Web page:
Hydroxycut and Fad Diets

May 6, 2009

little_girls_smallA sad day in dieting occurred late last week with the pulling of Hydroxycut – the famed dieting pill (as seen on TV). The FDA is now warning consumers to immediately stop using Hydroxycut.  Apparently, Hydroxycut has been  associated with a number of serious liver injuries ranging from jaundice and elevated liver enzymes, an indicator of potential liver injury, to liver damage requiring liver transplant. One death due to liver failure has been reported to the FDA. Other health problems reported include seizures, cardiovascular disorders, and rhabdomyolysis, a disorder of muscle cell destruction that can lead to kidney failure.

Of course, news like this thins out the competitive field a little bit. True there are still pills out there on the market that promise that you can eat all the Twinkies, Hardee’s thick burgers and Oreo milk shakes that your heart desires without a nanosecond’s worth of exercise. For example, there’s always Alli – the non-prescription strength version of Xenical – which promotes weight loss by decreasing absorption of fat by the intestines, thereby reducing the number of calories you absorb. It also gives you diarrhea and nasty farts that leave skid marks in your underwear. And that’s on a low fat diet. Try that Hardee’s heart attack burger while on Alli and you my friend will understand the true meaning of pain while you spend the next 2 hours on the crapper.

By the way, did you know that the name of the man who popularized the toilet was Thomas Crapper? The guy who actually invented it was Sir John Harrington, hence the usage of “going to use the John”.  Ah, but I digress.

Losing weight is easy and it is hard.  To lose weight you need to eat less calories than you burn – easy in concept, hard in practice. One can also increase their activity level and decrease the amount of calories they consume and they will lose weight.But that won’t keep people from trying to find the magic lazy bullet which allows them to do nothing, eat anything and still have a beach bod. So let’s take a look at some popular, and not so popular, fad diets.

The Tapeworm Diet – Someone actually thought it would be good to eat one of these disease causing parasites. Hey, they’ll just eat all the excess food right? Wrong. Just like any pregnant woman will tell you, parasites eat what they want first and then you get the left-overs. So tapeworms get first dibs on your vitamins, nutrients and minerals. That’s why people with tapeworms usually develop ascites (big round pot-belly). I think I’ll pass thank you.

The Lemonade Diet – Popularized by Beyonce Knowles before filming Dream Girls, this disaster was originally called The Master Cleanser Diet by its creator, Stanley Burroughs in the early 40’s. Stan was a therapist once charged with second-degree murder after a patient died from one of his treatments. The diet eliminates toxins and “congestion” that have built up in the body, and because it doesn’t provide a complete source of nutrition, it is actually consider fasting more than a diet. Beyonce did lose 22lbs in 14 days on this diet, and the diet generally seems to have had good results with others who dare to try it either in Hollywood or elsewhere. Side-effects include lethargy, depression, dizziness, nausea, trouble concentrating, headaches and the one other one … oh yeah, death.  Use at your own risk.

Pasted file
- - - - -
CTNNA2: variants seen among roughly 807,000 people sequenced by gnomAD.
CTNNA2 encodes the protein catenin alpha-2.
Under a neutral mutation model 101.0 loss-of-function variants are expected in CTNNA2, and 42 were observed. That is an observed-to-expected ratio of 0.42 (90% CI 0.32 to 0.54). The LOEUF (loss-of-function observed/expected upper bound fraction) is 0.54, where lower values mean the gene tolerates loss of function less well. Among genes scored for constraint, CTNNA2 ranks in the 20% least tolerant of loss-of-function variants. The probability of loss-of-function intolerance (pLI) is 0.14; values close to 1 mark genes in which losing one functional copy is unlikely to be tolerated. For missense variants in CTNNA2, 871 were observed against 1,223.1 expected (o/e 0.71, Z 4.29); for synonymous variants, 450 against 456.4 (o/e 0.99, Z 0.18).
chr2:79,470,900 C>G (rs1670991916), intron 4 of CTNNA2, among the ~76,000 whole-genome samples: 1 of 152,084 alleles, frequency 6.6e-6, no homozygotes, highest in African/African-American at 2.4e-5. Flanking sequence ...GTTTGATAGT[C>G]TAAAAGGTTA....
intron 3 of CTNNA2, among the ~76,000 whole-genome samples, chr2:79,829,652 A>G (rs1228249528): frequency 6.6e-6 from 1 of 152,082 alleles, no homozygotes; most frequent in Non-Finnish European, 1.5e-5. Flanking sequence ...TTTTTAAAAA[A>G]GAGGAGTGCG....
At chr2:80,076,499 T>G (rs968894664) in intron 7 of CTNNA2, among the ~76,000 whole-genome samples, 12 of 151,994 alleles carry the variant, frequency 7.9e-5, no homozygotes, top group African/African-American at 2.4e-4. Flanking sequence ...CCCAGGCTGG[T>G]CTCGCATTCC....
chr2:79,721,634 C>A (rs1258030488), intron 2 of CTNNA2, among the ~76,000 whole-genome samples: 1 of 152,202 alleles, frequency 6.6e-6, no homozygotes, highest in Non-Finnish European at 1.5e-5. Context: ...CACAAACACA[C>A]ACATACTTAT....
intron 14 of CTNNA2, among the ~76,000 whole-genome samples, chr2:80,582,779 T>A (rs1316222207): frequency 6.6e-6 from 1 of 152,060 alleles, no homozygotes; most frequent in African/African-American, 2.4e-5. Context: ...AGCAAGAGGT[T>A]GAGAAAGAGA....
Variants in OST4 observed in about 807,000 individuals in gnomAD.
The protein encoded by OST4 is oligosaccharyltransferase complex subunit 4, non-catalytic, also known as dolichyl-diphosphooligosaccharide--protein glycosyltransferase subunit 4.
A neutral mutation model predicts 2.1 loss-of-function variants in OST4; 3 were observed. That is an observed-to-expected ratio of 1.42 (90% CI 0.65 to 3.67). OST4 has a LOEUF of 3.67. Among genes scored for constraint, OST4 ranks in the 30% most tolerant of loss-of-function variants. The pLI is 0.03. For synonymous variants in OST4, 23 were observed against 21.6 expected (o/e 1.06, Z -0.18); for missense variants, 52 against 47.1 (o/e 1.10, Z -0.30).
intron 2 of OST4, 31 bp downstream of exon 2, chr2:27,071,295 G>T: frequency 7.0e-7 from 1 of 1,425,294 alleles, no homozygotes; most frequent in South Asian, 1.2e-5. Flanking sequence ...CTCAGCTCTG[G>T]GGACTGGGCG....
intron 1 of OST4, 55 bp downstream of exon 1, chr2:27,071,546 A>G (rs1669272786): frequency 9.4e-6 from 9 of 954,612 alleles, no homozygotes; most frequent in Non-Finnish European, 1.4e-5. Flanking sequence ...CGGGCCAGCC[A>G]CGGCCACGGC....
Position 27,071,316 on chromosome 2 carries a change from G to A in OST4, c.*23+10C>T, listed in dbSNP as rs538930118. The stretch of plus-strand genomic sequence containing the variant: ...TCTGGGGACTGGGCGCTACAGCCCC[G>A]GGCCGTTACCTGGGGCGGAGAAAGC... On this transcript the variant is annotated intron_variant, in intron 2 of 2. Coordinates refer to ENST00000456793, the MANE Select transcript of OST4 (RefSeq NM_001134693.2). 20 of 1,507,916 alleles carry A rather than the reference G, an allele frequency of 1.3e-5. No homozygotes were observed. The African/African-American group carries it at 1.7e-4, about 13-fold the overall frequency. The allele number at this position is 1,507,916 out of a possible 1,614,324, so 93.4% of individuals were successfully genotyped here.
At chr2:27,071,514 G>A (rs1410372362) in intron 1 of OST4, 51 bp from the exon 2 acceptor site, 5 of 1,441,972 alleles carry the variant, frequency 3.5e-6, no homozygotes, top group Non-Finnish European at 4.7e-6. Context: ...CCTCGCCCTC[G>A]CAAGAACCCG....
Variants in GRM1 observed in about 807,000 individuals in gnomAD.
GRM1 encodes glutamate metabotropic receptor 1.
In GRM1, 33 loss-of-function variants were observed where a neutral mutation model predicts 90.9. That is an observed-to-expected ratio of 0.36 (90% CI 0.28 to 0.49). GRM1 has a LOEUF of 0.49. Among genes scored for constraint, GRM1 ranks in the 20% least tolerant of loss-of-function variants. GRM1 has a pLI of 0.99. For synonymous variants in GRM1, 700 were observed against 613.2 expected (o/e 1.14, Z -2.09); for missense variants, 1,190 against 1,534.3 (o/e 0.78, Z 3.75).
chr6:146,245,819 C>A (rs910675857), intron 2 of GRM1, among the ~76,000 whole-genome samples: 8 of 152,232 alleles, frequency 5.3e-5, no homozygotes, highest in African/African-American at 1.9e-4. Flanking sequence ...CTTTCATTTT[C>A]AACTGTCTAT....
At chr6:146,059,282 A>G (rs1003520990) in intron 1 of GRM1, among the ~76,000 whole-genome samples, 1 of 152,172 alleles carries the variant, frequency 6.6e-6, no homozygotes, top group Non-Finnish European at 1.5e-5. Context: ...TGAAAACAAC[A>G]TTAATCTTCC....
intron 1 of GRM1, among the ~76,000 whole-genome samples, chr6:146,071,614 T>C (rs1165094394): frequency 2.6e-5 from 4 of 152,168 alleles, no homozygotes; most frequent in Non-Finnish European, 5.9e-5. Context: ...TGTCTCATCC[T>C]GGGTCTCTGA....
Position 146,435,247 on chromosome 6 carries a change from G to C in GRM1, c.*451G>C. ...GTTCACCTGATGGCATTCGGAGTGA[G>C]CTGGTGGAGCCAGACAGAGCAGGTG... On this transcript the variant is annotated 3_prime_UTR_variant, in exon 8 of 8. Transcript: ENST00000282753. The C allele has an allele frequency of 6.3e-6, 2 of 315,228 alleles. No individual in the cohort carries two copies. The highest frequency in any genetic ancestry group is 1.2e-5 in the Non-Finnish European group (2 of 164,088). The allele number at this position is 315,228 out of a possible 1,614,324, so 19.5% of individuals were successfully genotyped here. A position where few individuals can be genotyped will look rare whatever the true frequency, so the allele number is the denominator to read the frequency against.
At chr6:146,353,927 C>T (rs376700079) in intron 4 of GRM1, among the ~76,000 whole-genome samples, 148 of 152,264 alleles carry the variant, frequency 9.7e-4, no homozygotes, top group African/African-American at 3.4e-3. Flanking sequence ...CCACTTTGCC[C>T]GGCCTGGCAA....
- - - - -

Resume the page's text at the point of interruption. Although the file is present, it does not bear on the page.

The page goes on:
The Paleolithic/Caveman/Stone Age Diet – The hunter-gatherer diet was introduced to modern times in the mid 70’s by a GI doc named Walter Voegtlin, with many variations since. Basically, if you can hunt it or collect it from a plant or tree, you can eat it. That means no dairy and no grains though. Hence the diet is essentially made up of  lean meat, fresh fish, vegetables, nuts, berries and fruits. No sugary calorie bombs or processed, preserved, cancer-causing excuses for food to fatten you up. Good for rapid weight loss in a healthy way but somewhat difficult in practice since you miss out on dairy and grains.

The ABS Diet – Newer kid on the block, created by David Zinczenko, the editor for Men’s Health. For many years most athletes and bodybuilders have applied the same basic fundamentals of the ABS diet to their dietary programs. These principles include eating often (5-6 times per day), a focus on building muscle, eating lean proteins, and striving to eat whole unrefined carbs.The Abs diet is made up of 12 ‘power foods’. One meal per week is designated as a ‘cheat’ meal – where you eat anything you want. The power foods are Almonds (and other nuts), Beans, Spinach (and green veggies), Dairy (fat-free or low-fat milk, yogurt, cheese), Instant Oatmeal (unsweetened and unflavored), Eggs, Turkey (and lean meats), Peanut Butter, Olive oil, Whole grain breads and cereals, Extra-protein whey powder and Raspberries (and other berries). It is a lifetime dieting plan with excellent results and a practical approach.

If none of these seem up your alley, here is one that I think we can all agree on every now again:

The Stress Diet:

This diet is designed to help you cope with the stress that builds up during the day. Breakfast

  • 1/2 grapefruit
  • 1 slice whole wheat toast – dry
  • 8 oz skim milk

Lunch

  • 4 oz lean broiled chicken breast
  • 1 cup steamed spinach
  • 1 cup herb tea
  • 1 small cookie

Afternoon Snack

  • Rest of the cookies in the package
  • 2 pints of  ice creamof your choice
  • 1 jar hot fudge sauce nuts, cherries, whipped cream

Dinner

  • 2 loaves garlic bread with cheese large sausage, mushroom and cheese pizza
  • 1 Liter of your favorite soda pop or cola
  • 1 bag of nachos with tub of hot cheese and salsa sauce

Late Evening News
Entire frozen cheesecake eaten directly from freezer

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